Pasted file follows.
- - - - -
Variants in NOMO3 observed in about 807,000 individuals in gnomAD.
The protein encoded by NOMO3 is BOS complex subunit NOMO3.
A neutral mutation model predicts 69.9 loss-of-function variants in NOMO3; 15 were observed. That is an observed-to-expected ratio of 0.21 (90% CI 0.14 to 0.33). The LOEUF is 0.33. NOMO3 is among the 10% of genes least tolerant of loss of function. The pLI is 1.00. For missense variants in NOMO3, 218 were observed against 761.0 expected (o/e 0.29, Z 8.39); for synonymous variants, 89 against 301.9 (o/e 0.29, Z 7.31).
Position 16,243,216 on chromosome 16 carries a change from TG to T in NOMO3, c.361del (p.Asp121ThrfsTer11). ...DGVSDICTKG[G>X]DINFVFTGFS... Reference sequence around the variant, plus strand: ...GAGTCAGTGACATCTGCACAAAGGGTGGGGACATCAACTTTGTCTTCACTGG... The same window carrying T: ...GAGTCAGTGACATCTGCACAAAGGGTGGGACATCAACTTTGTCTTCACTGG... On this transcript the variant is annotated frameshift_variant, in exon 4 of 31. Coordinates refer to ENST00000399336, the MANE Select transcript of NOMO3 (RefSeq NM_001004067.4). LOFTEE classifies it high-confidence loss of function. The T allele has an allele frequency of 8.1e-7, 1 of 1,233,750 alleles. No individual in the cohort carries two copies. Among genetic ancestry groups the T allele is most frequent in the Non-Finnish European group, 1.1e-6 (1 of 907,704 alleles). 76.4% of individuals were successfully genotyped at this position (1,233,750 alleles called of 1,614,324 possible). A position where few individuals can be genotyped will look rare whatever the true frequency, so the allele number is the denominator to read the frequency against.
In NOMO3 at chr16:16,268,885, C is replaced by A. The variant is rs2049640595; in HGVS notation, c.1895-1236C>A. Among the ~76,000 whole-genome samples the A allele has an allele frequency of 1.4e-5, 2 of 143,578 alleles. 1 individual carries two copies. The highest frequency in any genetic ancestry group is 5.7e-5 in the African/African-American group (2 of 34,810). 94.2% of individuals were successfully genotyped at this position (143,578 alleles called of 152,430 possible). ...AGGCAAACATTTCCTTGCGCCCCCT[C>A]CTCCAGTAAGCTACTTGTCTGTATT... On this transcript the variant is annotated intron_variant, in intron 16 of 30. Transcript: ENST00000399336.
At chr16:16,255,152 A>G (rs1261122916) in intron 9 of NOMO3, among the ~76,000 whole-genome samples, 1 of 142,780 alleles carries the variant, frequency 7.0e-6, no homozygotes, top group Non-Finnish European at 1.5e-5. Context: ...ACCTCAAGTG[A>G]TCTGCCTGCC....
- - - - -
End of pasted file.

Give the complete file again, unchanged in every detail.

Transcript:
Variants in NOMO3 observed in about 807,000 individuals in gnomAD.
The protein encoded by NOMO3 is BOS complex subunit NOMO3.
A neutral mutation model predicts 69.9 loss-of-function variants in NOMO3; 15 were observed. That is an observed-to-expected ratio of 0.21 (90% CI 0.14 to 0.33). The LOEUF is 0.33. NOMO3 is among the 10% of genes least tolerant of loss of function. The pLI is 1.00. For missense variants in NOMO3, 218 were observed against 761.0 expected (o/e 0.29, Z 8.39); for synonymous variants, 89 against 301.9 (o/e 0.29, Z 7.31).
Position 16,243,216 on chromosome 16 carries a change from TG to T in NOMO3, c.361del (p.Asp121ThrfsTer11). ...DGVSDICTKG[G>X]DINFVFTGFS... Reference sequence around the variant, plus strand: ...GAGTCAGTGACATCTGCACAAAGGGTGGGGACATCAACTTTGTCTTCACTGG... The same window carrying T: ...GAGTCAGTGACATCTGCACAAAGGGTGGGACATCAACTTTGTCTTCACTGG... On this transcript the variant is annotated frameshift_variant, in exon 4 of 31. Coordinates refer to ENST00000399336, the MANE Select transcript of NOMO3 (RefSeq NM_001004067.4). LOFTEE classifies it high-confidence loss of function. The T allele has an allele frequency of 8.1e-7, 1 of 1,233,750 alleles. No individual in the cohort carries two copies. Among genetic ancestry groups the T allele is most frequent in the Non-Finnish European group, 1.1e-6 (1 of 907,704 alleles). 76.4% of individuals were successfully genotyped at this position (1,233,750 alleles called of 1,614,324 possible). A position where few individuals can be genotyped will look rare whatever the true frequency, so the allele number is the denominator to read the frequency against.
In NOMO3 at chr16:16,268,885, C is replaced by A. The variant is rs2049640595; in HGVS notation, c.1895-1236C>A. Among the ~76,000 whole-genome samples the A allele has an allele frequency of 1.4e-5, 2 of 143,578 alleles. 1 individual carries two copies. The highest frequency in any genetic ancestry group is 5.7e-5 in the African/African-American group (2 of 34,810). 94.2% of individuals were successfully genotyped at this position (143,578 alleles called of 152,430 possible). ...AGGCAAACATTTCCTTGCGCCCCCT[C>A]CTCCAGTAAGCTACTTGTCTGTATT... On this transcript the variant is annotated intron_variant, in intron 16 of 30. Transcript: ENST00000399336.
At chr16:16,255,152 A>G (rs1261122916) in intron 9 of NOMO3, among the ~76,000 whole-genome samples, 1 of 142,780 alleles carries the variant, frequency 7.0e-6, no homozygotes, top group Non-Finnish European at 1.5e-5. Context: ...ACCTCAAGTG[A>G]TCTGCCTGCC....